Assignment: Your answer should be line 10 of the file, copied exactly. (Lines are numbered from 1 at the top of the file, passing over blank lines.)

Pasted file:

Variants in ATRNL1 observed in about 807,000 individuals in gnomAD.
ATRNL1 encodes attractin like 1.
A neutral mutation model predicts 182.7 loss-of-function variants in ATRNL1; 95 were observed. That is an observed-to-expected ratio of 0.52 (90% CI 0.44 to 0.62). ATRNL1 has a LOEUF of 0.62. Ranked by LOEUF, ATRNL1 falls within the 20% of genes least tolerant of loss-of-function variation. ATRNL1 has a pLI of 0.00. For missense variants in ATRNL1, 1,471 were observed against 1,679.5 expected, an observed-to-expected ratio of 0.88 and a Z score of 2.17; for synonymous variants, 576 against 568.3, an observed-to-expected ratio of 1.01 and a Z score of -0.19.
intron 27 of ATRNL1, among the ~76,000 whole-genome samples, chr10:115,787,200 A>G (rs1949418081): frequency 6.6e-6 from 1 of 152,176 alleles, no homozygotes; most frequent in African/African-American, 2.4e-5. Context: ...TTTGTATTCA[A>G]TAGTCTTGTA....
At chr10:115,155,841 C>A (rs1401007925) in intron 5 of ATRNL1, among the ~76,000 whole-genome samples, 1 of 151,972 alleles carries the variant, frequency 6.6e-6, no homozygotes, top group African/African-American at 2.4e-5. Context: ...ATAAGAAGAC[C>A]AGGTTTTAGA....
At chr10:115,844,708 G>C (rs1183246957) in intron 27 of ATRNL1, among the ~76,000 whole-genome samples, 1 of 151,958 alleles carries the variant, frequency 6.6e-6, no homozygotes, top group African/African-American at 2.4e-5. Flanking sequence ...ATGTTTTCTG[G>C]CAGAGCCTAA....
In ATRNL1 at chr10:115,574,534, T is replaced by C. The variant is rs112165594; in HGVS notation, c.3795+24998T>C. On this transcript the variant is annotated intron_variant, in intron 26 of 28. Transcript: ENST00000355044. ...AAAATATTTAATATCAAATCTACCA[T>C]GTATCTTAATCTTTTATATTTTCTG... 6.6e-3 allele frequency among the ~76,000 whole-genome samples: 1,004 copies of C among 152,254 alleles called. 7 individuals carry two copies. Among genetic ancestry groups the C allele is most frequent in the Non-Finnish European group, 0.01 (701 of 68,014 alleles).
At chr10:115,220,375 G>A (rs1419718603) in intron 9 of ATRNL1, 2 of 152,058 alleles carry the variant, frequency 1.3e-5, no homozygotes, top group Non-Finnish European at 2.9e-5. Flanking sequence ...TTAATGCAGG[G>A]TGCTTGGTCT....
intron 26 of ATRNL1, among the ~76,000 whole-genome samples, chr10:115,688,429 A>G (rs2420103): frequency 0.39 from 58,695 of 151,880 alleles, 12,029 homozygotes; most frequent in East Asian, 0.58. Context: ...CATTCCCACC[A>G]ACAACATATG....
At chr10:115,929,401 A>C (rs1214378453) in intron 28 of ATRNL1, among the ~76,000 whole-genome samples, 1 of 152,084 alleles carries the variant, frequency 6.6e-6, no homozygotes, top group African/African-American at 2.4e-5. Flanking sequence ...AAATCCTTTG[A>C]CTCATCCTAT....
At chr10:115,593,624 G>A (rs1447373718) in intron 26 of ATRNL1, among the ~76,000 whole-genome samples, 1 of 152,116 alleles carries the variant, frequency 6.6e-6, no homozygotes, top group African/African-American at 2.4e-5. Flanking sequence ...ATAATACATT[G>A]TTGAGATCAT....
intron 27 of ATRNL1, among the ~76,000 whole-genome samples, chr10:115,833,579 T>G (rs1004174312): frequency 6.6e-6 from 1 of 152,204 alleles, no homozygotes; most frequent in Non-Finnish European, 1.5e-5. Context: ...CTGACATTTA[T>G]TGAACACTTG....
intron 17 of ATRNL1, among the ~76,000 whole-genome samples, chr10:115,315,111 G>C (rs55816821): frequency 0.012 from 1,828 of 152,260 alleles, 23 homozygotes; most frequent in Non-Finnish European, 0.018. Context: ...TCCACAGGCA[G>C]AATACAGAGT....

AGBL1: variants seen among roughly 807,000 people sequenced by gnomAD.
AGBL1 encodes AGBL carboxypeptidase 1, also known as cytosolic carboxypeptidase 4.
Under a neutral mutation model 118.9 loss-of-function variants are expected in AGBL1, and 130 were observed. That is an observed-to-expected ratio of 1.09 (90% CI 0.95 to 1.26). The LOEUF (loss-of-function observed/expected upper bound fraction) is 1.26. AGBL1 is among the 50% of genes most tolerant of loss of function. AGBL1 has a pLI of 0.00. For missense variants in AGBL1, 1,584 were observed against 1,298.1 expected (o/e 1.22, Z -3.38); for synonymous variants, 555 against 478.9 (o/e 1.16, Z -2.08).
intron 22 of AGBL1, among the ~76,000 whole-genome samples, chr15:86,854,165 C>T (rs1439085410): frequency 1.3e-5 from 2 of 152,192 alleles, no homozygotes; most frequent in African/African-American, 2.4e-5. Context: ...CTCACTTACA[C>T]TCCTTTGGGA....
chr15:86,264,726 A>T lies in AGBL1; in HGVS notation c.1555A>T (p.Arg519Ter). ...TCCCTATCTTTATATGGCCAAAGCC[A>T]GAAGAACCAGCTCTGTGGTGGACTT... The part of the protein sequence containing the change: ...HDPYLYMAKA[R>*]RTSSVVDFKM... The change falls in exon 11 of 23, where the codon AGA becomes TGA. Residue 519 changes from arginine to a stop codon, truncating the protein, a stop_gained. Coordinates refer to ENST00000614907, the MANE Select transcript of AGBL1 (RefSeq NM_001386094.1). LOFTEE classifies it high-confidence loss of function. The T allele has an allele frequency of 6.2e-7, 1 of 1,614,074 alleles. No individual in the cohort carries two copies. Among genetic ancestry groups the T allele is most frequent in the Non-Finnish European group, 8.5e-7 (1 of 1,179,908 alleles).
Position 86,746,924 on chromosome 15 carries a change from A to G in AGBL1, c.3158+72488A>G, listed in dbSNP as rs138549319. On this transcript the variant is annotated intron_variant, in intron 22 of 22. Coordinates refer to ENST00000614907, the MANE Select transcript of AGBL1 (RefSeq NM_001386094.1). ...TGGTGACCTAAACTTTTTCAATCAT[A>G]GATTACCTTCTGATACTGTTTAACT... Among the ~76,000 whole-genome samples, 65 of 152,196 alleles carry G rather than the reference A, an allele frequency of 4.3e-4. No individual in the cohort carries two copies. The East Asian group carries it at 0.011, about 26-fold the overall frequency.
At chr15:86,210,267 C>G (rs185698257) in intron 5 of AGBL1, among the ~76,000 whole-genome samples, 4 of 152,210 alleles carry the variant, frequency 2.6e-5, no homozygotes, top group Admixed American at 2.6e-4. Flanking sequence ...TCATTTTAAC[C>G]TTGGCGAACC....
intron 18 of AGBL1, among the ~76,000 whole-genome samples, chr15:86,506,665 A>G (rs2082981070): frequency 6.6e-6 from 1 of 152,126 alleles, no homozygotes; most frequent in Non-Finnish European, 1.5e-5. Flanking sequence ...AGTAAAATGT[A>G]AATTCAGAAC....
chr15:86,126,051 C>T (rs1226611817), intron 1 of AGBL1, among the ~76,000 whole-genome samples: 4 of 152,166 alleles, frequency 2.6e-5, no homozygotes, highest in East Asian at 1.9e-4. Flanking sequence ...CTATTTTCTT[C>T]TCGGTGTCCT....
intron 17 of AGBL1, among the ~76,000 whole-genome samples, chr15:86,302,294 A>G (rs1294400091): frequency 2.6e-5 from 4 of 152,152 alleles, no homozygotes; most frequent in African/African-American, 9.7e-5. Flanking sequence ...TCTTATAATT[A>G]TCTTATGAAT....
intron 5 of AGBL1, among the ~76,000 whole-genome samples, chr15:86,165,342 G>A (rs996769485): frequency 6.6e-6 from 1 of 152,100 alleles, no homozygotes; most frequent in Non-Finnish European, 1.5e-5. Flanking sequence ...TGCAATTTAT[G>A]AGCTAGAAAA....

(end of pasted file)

At chr10:115,929,401 A>C (rs1214378453) in intron 28 of ATRNL1, among the ~76,000 whole-genome samples, 1 of 152,084 alleles carries the variant, frequency 6.6e-6, no homozygotes, top group African/African-American at 2.4e-5. Flanking sequence ...AAATCCTTTG[A>C]CTCATCCTAT....